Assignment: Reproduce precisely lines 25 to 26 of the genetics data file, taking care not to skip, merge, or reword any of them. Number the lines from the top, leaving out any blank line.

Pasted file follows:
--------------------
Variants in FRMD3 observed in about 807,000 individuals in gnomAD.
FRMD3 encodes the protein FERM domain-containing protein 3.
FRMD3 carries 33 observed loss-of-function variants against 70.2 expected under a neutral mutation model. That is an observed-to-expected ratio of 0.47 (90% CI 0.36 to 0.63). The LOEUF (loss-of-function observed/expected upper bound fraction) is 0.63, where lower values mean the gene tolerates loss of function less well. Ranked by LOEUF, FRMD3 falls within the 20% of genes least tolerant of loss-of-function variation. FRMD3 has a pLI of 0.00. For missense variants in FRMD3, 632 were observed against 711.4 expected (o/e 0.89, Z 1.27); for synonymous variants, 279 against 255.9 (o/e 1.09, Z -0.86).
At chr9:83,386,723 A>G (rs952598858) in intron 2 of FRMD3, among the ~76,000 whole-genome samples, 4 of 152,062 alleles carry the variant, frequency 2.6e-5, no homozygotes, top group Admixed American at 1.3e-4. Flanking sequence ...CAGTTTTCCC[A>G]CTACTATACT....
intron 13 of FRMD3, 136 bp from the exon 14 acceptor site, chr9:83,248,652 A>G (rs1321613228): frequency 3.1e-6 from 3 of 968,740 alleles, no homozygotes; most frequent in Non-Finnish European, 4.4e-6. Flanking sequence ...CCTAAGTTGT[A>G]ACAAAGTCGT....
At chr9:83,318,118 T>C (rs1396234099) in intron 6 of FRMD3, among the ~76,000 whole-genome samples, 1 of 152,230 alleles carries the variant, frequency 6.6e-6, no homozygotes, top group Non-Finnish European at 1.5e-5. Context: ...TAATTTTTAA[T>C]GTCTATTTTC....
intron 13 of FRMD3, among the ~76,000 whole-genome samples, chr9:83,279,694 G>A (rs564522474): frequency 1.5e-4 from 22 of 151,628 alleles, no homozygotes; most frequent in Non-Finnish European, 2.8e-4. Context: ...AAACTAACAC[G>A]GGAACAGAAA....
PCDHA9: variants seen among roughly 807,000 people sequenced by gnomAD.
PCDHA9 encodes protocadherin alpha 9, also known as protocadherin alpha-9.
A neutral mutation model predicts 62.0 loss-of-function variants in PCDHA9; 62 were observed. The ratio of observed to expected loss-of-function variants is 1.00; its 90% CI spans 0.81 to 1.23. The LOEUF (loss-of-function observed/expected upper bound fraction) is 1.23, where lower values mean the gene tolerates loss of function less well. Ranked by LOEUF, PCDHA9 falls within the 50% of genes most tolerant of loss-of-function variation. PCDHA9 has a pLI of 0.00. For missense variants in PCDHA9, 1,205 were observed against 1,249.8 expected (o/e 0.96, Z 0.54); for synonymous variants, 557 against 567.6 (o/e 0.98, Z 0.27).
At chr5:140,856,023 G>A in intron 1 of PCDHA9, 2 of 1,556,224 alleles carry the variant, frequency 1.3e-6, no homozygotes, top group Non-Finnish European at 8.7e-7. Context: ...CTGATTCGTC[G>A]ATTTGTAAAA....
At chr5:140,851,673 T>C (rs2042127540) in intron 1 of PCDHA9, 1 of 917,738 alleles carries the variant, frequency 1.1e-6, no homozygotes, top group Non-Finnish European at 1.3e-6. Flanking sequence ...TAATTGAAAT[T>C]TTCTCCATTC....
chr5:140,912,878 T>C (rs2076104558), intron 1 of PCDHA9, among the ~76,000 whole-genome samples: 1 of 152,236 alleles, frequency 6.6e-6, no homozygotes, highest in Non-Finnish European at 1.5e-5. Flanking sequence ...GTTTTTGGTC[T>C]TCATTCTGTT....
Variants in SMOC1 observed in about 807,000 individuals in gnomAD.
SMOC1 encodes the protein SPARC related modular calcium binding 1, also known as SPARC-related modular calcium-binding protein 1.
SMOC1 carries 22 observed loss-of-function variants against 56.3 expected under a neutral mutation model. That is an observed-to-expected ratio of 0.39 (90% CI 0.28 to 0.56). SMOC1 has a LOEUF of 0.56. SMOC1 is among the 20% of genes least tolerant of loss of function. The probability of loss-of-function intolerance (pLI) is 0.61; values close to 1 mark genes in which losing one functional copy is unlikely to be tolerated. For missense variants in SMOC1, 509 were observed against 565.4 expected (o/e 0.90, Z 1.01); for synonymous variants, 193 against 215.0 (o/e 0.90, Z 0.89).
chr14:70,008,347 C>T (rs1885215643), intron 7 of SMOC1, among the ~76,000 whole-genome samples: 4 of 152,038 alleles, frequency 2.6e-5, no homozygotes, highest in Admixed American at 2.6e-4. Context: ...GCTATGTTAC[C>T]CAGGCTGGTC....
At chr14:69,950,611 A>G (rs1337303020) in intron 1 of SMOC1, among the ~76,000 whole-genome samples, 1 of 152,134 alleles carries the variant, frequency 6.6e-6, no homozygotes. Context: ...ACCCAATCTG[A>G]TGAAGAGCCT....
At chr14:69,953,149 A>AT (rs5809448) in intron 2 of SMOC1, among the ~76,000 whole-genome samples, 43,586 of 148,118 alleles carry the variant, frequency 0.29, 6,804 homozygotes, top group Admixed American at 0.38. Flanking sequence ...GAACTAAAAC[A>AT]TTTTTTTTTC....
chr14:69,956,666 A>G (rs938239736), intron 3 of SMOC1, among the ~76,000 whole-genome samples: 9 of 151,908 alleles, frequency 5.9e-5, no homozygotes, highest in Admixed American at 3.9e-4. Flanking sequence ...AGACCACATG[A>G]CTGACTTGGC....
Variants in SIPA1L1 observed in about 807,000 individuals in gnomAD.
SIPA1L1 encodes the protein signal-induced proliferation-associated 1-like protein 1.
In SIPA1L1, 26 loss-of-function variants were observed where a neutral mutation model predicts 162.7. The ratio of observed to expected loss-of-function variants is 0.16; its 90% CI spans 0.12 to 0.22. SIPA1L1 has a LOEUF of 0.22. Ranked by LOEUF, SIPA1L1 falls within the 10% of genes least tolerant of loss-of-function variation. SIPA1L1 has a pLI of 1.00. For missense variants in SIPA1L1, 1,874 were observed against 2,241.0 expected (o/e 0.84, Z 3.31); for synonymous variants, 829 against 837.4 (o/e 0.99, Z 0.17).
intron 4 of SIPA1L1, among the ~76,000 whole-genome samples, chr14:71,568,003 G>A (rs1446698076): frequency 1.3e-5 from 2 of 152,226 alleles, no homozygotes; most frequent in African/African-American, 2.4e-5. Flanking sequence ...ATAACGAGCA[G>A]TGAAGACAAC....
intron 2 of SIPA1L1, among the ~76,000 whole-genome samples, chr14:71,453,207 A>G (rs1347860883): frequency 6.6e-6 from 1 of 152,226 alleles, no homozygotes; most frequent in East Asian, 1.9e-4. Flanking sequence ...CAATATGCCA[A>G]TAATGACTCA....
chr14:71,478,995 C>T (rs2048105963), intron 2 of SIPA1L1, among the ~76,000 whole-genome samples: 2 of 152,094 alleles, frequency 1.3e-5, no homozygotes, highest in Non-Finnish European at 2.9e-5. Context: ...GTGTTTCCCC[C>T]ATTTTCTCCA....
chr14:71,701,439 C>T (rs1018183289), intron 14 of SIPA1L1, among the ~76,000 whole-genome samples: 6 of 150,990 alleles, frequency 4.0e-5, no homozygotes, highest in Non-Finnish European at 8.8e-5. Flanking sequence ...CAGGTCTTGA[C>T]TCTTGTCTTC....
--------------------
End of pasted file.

intron 2 of SIPA1L1, among the ~76,000 whole-genome samples, chr14:71,453,207 A>G (rs1347860883): frequency 6.6e-6 from 1 of 152,226 alleles, no homozygotes; most frequent in East Asian, 1.9e-4. Flanking sequence ...CAATATGCCA[A>G]TAATGACTCA....
chr14:71,478,995 C>T (rs2048105963), intron 2 of SIPA1L1, among the ~76,000 whole-genome samples: 2 of 152,094 alleles, frequency 1.3e-5, no homozygotes, highest in Non-Finnish European at 2.9e-5. Context: ...GTGTTTCCCC[C>T]ATTTTCTCCA....